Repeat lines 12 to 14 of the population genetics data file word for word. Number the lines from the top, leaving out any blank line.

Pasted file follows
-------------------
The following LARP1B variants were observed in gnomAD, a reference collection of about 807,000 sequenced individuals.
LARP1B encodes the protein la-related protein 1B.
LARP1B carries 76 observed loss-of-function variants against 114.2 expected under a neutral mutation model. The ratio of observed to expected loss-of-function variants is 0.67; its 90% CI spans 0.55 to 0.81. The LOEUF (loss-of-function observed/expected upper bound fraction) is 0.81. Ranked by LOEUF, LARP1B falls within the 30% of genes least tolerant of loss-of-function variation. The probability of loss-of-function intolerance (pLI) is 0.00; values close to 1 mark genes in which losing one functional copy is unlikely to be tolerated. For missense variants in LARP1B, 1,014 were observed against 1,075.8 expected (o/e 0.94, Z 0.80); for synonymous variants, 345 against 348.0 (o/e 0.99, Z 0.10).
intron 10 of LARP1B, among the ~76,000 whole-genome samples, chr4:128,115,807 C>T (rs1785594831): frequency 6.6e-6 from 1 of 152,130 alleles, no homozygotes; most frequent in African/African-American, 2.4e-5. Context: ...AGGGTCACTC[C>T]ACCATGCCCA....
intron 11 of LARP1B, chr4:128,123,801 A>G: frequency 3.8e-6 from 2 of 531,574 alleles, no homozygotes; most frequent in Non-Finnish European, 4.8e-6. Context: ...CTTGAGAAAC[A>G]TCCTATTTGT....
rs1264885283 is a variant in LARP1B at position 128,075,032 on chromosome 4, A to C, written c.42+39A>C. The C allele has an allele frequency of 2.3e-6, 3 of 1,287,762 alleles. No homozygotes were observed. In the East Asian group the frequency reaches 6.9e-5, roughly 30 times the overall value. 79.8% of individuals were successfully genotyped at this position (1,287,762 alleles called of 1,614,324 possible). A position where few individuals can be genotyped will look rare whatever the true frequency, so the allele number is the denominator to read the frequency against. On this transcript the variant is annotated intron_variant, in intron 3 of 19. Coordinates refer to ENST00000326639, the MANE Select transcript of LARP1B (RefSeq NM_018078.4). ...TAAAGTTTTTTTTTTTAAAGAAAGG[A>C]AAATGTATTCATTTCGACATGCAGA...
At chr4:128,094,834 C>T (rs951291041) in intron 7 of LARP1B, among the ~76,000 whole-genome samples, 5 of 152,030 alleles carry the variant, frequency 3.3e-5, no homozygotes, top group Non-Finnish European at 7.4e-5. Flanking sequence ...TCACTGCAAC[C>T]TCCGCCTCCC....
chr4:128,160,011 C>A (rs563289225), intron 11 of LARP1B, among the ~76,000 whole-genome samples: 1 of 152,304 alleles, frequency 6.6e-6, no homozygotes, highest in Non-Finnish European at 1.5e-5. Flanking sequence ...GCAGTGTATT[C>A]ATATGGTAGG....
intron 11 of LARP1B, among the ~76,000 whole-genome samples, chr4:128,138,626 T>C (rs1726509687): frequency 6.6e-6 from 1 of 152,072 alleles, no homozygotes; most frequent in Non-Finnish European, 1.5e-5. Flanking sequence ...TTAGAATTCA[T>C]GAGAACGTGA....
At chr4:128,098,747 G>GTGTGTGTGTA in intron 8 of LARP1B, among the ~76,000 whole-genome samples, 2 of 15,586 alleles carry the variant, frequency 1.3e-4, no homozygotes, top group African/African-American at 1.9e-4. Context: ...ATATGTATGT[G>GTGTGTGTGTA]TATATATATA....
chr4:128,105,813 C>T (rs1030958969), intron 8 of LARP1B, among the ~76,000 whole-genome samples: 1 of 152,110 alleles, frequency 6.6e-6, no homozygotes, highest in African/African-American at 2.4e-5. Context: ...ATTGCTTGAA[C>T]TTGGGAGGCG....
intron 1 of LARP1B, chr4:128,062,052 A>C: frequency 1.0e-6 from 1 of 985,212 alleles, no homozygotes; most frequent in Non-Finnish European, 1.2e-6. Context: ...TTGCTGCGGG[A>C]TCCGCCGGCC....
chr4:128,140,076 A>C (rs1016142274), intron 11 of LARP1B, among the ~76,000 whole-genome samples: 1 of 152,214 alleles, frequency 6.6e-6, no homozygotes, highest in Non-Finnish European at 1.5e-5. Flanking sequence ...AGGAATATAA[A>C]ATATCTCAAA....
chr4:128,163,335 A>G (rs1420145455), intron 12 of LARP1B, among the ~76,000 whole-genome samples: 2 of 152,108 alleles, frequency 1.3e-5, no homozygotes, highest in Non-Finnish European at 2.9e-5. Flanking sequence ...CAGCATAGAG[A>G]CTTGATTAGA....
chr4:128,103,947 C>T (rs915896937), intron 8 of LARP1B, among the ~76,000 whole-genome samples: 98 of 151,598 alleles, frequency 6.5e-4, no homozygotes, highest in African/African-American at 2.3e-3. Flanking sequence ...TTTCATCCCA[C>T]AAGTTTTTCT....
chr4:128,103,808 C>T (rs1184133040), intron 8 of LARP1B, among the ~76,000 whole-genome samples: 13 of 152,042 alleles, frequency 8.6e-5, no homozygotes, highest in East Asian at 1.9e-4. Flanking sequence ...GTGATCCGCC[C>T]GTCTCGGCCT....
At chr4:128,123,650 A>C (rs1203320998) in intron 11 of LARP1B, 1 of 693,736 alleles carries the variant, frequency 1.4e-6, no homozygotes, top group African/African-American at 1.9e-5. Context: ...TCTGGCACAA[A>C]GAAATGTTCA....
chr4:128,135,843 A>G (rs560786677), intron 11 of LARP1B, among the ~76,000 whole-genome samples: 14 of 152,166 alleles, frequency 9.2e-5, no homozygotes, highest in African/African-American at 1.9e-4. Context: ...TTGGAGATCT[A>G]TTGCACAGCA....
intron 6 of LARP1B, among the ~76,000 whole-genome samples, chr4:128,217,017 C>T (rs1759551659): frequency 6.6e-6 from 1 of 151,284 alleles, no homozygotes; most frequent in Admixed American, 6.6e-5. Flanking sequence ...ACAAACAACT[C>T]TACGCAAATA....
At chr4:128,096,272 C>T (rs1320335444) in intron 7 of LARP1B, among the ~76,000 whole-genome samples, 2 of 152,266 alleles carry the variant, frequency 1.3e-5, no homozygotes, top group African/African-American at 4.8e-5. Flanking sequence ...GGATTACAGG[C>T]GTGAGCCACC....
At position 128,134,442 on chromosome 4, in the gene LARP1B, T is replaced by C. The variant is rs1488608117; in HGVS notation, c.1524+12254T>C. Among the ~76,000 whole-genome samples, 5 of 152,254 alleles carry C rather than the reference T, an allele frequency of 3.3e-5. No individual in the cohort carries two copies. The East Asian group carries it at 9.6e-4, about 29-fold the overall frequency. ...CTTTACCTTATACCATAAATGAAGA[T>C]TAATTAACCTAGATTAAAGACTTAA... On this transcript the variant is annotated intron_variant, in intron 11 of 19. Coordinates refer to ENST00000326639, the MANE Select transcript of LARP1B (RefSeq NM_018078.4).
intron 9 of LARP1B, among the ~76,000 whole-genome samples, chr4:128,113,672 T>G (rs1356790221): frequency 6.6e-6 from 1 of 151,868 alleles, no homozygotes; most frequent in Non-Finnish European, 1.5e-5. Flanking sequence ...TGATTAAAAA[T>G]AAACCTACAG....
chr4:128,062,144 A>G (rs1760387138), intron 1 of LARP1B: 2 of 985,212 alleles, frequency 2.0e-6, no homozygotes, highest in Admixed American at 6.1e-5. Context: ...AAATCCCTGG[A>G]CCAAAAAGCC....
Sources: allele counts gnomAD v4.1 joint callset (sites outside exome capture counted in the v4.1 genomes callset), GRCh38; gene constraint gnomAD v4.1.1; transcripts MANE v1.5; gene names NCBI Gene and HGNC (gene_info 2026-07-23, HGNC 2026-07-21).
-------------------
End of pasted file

intron 1 of LARP1B, chr4:128,062,052 A>C: frequency 1.0e-6 from 1 of 985,212 alleles, no homozygotes; most frequent in Non-Finnish European, 1.2e-6. Context: ...TTGCTGCGGG[A>C]TCCGCCGGCC....
chr4:128,140,076 A>C (rs1016142274), intron 11 of LARP1B, among the ~76,000 whole-genome samples: 1 of 152,214 alleles, frequency 6.6e-6, no homozygotes, highest in Non-Finnish European at 1.5e-5. Flanking sequence ...AGGAATATAA[A>C]ATATCTCAAA....
chr4:128,163,335 A>G (rs1420145455), intron 12 of LARP1B, among the ~76,000 whole-genome samples: 2 of 152,108 alleles, frequency 1.3e-5, no homozygotes, highest in Non-Finnish European at 2.9e-5. Flanking sequence ...CAGCATAGAG[A>G]CTTGATTAGA....